The Prequels Are Different
A major overarching criticism of the Disney movies so far is that they're familiar. The Force Awakens relied heavily on nostalgia and brought back several major plot points from the original trilogy, while Rogue One was set mere minutes before the first film, replicating much of the design and tonal elements of A New Hope. Both were different to each other - Episode VII is the Star Wars the wider culture knows, while the Story is more what fans expected from the Expanded Universe - yet they were still firmly in the same, safe bubble. That worked and was honestly necessary to lay the groundwork for what's going to be a never-ending run of stories, but has become a concern going forward. And this is where they really help the prequels.
The prequels are different. They introduce a completely opposed galactic backdrop - a crumbling, corrupted Republic instead of a binary civil war - have a litany of fresh, sleek designs (before slowly evolving into the ships and planets we know), and for all the narrative parallels (as George famously said "it's like poetry, they rhyme") they're telling a fresh story. Above all, they're tonally separate. Anakin's fall is a dark companion to Luke's arc, yet it comes alongside Palpatine's Machiavellian rise and dogmatic politics.
If you're expecting the same old elements repeated, that's going to jar, but as we've seen people don't necessarily just want more of the same. Many of the issues the consensus have with the new movies are not present in the prequels (and some of the praised elements are), to a degree making them harder to hate - the justification is weaker - but mainly highlighting that there is something unique there.
That's not to say all the differences are necessarily all good - and the filmmaking faux pas' still remain - but there's an emerging recognition that Lucas semi-purposely made something inherently challenging. Scrape away the obvious CGI sets and wooden delivery of muddy dialogue and the ideas - ideas that, importantly, Lucas had mapped out in the late-1970s - are strong; he's dissecting the notion of the Jedi as noble protectors and the basic concept of the linear Force.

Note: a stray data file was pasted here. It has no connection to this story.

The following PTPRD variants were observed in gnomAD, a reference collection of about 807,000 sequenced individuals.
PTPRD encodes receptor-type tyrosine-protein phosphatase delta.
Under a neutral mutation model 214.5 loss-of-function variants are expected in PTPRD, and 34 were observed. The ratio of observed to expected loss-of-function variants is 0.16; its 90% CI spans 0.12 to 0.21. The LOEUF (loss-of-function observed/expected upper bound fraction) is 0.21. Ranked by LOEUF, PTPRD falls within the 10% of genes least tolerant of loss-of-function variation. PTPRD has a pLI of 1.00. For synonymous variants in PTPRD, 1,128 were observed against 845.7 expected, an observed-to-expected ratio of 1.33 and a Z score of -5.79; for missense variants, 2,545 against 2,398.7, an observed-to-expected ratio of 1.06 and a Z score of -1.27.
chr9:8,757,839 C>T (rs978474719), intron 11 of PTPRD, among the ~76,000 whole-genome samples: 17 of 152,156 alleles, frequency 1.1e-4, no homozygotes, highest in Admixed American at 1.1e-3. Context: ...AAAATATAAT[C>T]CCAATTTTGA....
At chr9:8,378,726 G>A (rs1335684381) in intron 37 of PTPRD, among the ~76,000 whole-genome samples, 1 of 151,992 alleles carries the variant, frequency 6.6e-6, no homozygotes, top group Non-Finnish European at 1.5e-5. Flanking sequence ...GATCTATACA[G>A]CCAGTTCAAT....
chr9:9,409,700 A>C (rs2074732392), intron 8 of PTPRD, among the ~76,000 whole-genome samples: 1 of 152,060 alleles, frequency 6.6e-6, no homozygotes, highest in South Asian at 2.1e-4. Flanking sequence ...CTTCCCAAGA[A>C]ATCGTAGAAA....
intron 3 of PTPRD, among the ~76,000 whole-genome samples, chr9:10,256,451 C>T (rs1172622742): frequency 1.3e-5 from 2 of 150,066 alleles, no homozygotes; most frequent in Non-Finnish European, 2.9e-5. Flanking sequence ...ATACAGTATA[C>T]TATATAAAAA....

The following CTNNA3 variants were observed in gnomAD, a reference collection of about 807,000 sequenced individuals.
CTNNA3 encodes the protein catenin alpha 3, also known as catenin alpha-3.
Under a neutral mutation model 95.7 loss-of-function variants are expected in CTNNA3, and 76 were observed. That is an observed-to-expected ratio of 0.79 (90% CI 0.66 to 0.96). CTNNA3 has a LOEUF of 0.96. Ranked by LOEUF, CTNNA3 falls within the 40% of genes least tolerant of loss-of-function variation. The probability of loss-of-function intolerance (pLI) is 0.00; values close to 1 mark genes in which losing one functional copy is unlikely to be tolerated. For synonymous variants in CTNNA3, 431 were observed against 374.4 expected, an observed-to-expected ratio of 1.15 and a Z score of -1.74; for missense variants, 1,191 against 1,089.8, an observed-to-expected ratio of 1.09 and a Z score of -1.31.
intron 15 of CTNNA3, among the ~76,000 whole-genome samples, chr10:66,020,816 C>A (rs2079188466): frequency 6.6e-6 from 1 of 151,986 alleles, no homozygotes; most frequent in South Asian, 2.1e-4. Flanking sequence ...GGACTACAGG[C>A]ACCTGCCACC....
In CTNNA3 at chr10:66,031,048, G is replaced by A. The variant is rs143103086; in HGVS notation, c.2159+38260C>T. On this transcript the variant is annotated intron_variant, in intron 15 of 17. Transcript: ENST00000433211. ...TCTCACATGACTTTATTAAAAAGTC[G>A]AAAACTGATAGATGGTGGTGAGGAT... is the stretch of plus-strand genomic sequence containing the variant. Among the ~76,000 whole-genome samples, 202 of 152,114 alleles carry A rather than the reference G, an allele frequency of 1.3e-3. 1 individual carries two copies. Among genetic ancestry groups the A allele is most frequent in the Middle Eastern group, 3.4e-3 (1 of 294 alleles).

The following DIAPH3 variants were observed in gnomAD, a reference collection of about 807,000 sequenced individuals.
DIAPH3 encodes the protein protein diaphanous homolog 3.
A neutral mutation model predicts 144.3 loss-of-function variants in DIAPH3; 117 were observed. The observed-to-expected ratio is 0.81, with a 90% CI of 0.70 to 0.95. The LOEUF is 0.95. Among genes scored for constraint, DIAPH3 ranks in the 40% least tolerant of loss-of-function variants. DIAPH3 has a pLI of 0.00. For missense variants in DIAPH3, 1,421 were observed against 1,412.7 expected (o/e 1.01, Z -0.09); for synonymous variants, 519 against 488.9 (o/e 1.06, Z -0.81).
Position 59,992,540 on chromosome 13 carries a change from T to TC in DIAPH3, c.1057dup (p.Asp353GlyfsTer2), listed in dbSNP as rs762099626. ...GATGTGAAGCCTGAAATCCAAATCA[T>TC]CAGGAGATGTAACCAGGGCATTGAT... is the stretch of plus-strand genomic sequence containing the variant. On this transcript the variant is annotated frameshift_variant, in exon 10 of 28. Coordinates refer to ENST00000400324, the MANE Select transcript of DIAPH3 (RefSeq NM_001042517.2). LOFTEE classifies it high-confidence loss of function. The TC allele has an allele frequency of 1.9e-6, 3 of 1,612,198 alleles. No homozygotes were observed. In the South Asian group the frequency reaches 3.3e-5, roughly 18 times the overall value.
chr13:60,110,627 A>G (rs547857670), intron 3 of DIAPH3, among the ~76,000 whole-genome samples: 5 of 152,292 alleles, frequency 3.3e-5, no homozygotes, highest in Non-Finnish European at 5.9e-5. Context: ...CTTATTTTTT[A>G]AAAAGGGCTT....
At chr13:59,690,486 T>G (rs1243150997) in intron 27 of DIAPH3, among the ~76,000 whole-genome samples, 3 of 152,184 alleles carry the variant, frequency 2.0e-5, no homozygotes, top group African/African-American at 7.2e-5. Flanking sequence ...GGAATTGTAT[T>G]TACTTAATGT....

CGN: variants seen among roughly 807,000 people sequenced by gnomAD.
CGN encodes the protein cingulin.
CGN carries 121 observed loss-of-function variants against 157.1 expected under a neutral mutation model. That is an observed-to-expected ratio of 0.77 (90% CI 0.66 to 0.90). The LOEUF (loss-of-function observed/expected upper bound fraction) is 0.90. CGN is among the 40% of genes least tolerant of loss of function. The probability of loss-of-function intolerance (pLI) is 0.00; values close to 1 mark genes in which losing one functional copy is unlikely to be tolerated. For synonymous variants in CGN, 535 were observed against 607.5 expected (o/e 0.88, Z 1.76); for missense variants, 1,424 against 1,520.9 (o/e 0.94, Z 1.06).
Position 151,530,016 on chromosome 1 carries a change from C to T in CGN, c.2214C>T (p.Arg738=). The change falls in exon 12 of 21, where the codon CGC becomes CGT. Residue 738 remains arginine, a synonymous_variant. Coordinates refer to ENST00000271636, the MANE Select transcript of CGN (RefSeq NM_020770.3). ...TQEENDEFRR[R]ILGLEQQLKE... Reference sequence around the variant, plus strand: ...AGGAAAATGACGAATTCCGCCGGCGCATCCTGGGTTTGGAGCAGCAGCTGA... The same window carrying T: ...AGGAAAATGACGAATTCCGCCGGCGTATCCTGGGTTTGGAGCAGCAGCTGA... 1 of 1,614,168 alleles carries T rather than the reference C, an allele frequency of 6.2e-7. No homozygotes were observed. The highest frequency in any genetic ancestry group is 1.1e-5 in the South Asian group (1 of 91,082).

The Prequels Are The Future?
Between Millennials inheriting the cultural voice and the previous generation moving on, the new movies offer a way to get over the disappointment and view the prequels in a new light, seeing them for what they are rather than what they aren't. Of course, they're never going to be viewed on a par with the originals but it's now less egregious to suggest something like that than it was ten years ago. Star Wars fandom has gotten over the hate - it's found balance.
And balance really is the word. There's not been much in the way of prequel elements in the new movies, but one thing that is prominent in The Force Awakens and seems to inform where we're going in The Last Jedi is the idea of balance in the Force, which comes from the Chosen One prophecy introduced in The Phantom Menace. Something from the prequels has been accepted into the fold as a defining trait of the series, and as time goes on we're going to get more of that: Rebels has openly tied up loose ends from The Clone Wars; Han Solo may be set closer to Episode III than Episode IV; and an Obi-Wan movie would bring back Ewan McGregor, reaffirming that there are good things in those movies.
We stand on the brink of, after a dark couple of decades, Star Wars once again being a coherent whole with every movie a part of it - the fabric that all fans grew up with and deep down want. So maybe the prequels were always cool. It just took us time to realize.
- Star Wars 8/Star Wars: The Last Jedi (2017) release date: Dec 15, 2017
- Star Wars: Battlefront II (2017) release date: Nov 17, 2017
- Solo: A Star Wars Story (2018) release date: May 25, 2018
- Star Wars 9 / Star Wars: The Rise of Skywalker (2019) release date: Dec 20, 2019